Iowa voters: Make ag issues election issues

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Bob Bowman and Susanne Kinzenbaw Veatch, guest columnists

Bread-and-butter issues that matter to Iowa voters can easily get lost in the spectacle of the 24-hour cable news cycle this election season. But before heading to the polls this November, Iowans must give serious thought as to how different candidates would support farming and manufacturing in our state.

Together, these industries form the backbone of Iowa’s economy. It’s no secret that both sectors have been hurting. Net farm income has fallen 55 percent in just the last two years. As a result, sales of planters, combines, tractors, and other farm equipment are all down from last year, according the Association of Equipment Manufacturers.

Nowhere have the repercussions of a weak farm economy been felt more than in Iowa, which leads the nation in jobs manufacturing agricultural equipment. Machinery manufacturing is our state’s largest manufacturing sector, generating almost $8 billion for Iowa’s economy every year. These difficulties have translated to lower sales and employment for manufacturers, who have suffered along with farmers from the overall difficulties facing the farm economy.

That’s exactly why Iowans must elect leaders in Des Moines and Washington, D.C. who understand the steps we need to take to make sure farmers and equipment manufacturers are able to thrive.

The good news is that lawmakers have a number of sound policy choices available to help them stand up for corn producers and equipment manufacturers. Two of the most important steps congress can take are to pass the Trans-Pacific Partnership and take steps to protect and expand the Renewable Fuel Standard (RFS).

The Trans-Pacific Partnership will open free markets for U.S. commodities strengthening demand and prices. Every day that goes by without an agreement hurts farmers, ranchers, and the entire ag value chain, which in turn takes away American manufacturing jobs.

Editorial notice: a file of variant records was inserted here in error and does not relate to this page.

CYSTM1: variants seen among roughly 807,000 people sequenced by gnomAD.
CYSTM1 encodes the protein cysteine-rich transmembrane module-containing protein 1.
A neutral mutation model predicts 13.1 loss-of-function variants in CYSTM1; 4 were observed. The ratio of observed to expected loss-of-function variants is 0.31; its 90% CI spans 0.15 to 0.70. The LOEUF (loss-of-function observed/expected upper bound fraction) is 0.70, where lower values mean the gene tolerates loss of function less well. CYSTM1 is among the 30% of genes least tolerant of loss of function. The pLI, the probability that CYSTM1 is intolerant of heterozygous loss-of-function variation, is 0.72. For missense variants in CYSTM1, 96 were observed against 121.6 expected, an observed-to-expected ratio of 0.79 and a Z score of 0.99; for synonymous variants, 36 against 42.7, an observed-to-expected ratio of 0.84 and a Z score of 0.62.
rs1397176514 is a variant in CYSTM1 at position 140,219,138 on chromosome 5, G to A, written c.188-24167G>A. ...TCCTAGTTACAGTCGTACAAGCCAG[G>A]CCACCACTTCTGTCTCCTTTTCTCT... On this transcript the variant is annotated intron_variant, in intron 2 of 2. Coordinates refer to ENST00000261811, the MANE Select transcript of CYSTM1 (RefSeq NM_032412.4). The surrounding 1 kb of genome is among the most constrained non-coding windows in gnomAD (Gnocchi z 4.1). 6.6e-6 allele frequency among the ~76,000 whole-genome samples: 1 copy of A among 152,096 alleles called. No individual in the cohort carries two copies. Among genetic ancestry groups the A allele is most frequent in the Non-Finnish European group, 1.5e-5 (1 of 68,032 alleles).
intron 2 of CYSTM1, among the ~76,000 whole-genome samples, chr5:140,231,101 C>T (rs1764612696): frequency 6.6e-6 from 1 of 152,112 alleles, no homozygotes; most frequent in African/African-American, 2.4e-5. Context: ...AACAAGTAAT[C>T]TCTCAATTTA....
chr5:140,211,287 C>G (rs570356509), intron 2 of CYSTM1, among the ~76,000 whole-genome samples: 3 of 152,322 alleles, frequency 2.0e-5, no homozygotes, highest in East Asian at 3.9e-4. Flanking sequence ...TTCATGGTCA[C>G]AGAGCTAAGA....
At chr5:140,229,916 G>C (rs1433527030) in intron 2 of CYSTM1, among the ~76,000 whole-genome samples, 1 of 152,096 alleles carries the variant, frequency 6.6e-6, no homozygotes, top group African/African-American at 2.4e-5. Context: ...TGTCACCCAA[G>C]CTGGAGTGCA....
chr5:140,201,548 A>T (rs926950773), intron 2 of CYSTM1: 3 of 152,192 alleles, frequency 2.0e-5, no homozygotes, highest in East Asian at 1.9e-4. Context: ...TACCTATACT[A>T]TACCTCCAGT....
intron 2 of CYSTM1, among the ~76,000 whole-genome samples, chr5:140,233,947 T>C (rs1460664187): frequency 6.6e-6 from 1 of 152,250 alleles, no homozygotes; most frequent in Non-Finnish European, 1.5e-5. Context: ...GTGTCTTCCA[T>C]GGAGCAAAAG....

For many years the RFS has provided Federal leadership for the growth of renewable forms of energy, like ethanol. The RFS plays an important role in supporting farm income and farm equipment manufacturers. Ethanol generates $2.5 billion in income for Iowa and supports almost 47,000 jobs in the state. What’s more, ethanol helps support over 28,000 full-time manufacturing jobs across the country.

Finally, some members of Congress have already begun talking about the next farm bill. We need elected officials who are committed to protecting crop insurance and market-based tools that help farmers manage their risk and ride out economic uncertainty.

These issues might not rate with TV news producers in New York and Washington, but that does not make them any less vital to our prosperity in Iowa. Our state’s voters could swing the balance of control in Congress, and help decide who wins the White House on November 8. That makes it all the more important that the elected leaders we choose have a proven record of supporting farming and manufacturing jobs.

• Bob Bowman farms corn and soybeans in DeWitt, Iowa, and serves on the Board of the National Corn Growers Association. Susanne Kinzenbaw Veatch joined the family business in 2005 and is now President, Chief Marketing Officer, and a second generation owner at Kinze Manufacturing. Inc. which builds technologically advanced agricultural planters and high capacity grain carts.

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